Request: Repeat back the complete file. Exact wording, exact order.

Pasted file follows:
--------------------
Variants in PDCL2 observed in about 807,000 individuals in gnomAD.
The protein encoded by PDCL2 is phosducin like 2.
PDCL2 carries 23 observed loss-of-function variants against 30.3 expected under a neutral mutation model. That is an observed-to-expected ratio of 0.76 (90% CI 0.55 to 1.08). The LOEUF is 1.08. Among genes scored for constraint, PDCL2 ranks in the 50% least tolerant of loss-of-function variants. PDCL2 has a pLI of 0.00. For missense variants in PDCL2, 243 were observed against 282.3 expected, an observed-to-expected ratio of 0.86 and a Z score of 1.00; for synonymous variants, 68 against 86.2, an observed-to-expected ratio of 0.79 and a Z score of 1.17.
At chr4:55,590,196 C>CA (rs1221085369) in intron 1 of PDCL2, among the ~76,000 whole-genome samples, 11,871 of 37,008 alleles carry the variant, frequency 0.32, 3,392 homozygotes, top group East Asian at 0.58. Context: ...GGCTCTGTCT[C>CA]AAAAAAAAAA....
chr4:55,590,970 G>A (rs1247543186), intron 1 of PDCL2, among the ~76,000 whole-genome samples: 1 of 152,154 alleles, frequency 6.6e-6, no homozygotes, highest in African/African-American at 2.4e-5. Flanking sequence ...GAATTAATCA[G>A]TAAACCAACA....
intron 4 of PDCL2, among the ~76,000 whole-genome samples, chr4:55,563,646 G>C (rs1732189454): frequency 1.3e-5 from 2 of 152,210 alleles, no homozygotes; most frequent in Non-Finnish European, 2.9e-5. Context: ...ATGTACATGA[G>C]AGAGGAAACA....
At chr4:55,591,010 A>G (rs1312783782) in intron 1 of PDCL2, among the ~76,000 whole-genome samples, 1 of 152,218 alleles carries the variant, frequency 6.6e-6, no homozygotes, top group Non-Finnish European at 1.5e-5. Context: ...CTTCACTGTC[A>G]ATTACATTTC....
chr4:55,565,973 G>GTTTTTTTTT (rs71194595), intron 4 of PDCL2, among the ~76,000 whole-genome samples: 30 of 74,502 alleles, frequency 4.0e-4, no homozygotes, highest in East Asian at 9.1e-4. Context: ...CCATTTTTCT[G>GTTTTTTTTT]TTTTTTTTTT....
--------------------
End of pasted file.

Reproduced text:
Variants in PDCL2 observed in about 807,000 individuals in gnomAD.
The protein encoded by PDCL2 is phosducin like 2.
PDCL2 carries 23 observed loss-of-function variants against 30.3 expected under a neutral mutation model. That is an observed-to-expected ratio of 0.76 (90% CI 0.55 to 1.08). The LOEUF is 1.08. Among genes scored for constraint, PDCL2 ranks in the 50% least tolerant of loss-of-function variants. PDCL2 has a pLI of 0.00. For missense variants in PDCL2, 243 were observed against 282.3 expected, an observed-to-expected ratio of 0.86 and a Z score of 1.00; for synonymous variants, 68 against 86.2, an observed-to-expected ratio of 0.79 and a Z score of 1.17.
At chr4:55,590,196 C>CA (rs1221085369) in intron 1 of PDCL2, among the ~76,000 whole-genome samples, 11,871 of 37,008 alleles carry the variant, frequency 0.32, 3,392 homozygotes, top group East Asian at 0.58. Context: ...GGCTCTGTCT[C>CA]AAAAAAAAAA....
chr4:55,590,970 G>A (rs1247543186), intron 1 of PDCL2, among the ~76,000 whole-genome samples: 1 of 152,154 alleles, frequency 6.6e-6, no homozygotes, highest in African/African-American at 2.4e-5. Flanking sequence ...GAATTAATCA[G>A]TAAACCAACA....
intron 4 of PDCL2, among the ~76,000 whole-genome samples, chr4:55,563,646 G>C (rs1732189454): frequency 1.3e-5 from 2 of 152,210 alleles, no homozygotes; most frequent in Non-Finnish European, 2.9e-5. Context: ...ATGTACATGA[G>C]AGAGGAAACA....
At chr4:55,591,010 A>G (rs1312783782) in intron 1 of PDCL2, among the ~76,000 whole-genome samples, 1 of 152,218 alleles carries the variant, frequency 6.6e-6, no homozygotes, top group Non-Finnish European at 1.5e-5. Context: ...CTTCACTGTC[A>G]ATTACATTTC....
chr4:55,565,973 G>GTTTTTTTTT (rs71194595), intron 4 of PDCL2, among the ~76,000 whole-genome samples: 30 of 74,502 alleles, frequency 4.0e-4, no homozygotes, highest in East Asian at 9.1e-4. Context: ...CCATTTTTCT[G>GTTTTTTTTT]TTTTTTTTTT....